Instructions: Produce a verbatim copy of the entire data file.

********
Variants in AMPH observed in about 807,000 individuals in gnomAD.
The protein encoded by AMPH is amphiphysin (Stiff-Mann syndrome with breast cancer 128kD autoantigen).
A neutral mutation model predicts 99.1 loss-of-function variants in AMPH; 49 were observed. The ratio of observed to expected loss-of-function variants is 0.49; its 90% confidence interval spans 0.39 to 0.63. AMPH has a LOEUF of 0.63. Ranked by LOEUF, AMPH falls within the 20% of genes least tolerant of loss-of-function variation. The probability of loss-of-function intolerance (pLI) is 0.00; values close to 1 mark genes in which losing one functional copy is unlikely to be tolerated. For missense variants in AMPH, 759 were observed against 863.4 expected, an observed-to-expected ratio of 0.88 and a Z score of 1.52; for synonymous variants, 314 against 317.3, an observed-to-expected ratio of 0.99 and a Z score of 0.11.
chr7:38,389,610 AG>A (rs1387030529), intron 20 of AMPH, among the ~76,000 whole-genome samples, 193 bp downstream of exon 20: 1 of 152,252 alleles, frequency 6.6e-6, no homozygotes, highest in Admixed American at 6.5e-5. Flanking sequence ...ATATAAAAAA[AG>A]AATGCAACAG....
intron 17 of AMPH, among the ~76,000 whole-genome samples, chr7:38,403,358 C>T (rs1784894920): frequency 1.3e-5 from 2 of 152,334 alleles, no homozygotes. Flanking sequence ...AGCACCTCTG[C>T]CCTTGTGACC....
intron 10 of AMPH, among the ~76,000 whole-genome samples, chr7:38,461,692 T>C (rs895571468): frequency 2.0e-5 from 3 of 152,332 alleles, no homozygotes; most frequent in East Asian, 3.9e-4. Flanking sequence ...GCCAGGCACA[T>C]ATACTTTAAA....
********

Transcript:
Variants in AMPH observed in about 807,000 individuals in gnomAD.
The protein encoded by AMPH is amphiphysin (Stiff-Mann syndrome with breast cancer 128kD autoantigen).
A neutral mutation model predicts 99.1 loss-of-function variants in AMPH; 49 were observed. The ratio of observed to expected loss-of-function variants is 0.49; its 90% confidence interval spans 0.39 to 0.63. AMPH has a LOEUF of 0.63. Ranked by LOEUF, AMPH falls within the 20% of genes least tolerant of loss-of-function variation. The probability of loss-of-function intolerance (pLI) is 0.00; values close to 1 mark genes in which losing one functional copy is unlikely to be tolerated. For missense variants in AMPH, 759 were observed against 863.4 expected, an observed-to-expected ratio of 0.88 and a Z score of 1.52; for synonymous variants, 314 against 317.3, an observed-to-expected ratio of 0.99 and a Z score of 0.11.
chr7:38,389,610 AG>A (rs1387030529), intron 20 of AMPH, among the ~76,000 whole-genome samples, 193 bp downstream of exon 20: 1 of 152,252 alleles, frequency 6.6e-6, no homozygotes, highest in Admixed American at 6.5e-5. Flanking sequence ...ATATAAAAAA[AG>A]AATGCAACAG....
intron 17 of AMPH, among the ~76,000 whole-genome samples, chr7:38,403,358 C>T (rs1784894920): frequency 1.3e-5 from 2 of 152,334 alleles, no homozygotes. Flanking sequence ...AGCACCTCTG[C>T]CCTTGTGACC....
intron 10 of AMPH, among the ~76,000 whole-genome samples, chr7:38,461,692 T>C (rs895571468): frequency 2.0e-5 from 3 of 152,332 alleles, no homozygotes; most frequent in East Asian, 3.9e-4. Flanking sequence ...GCCAGGCACA[T>C]ATACTTTAAA....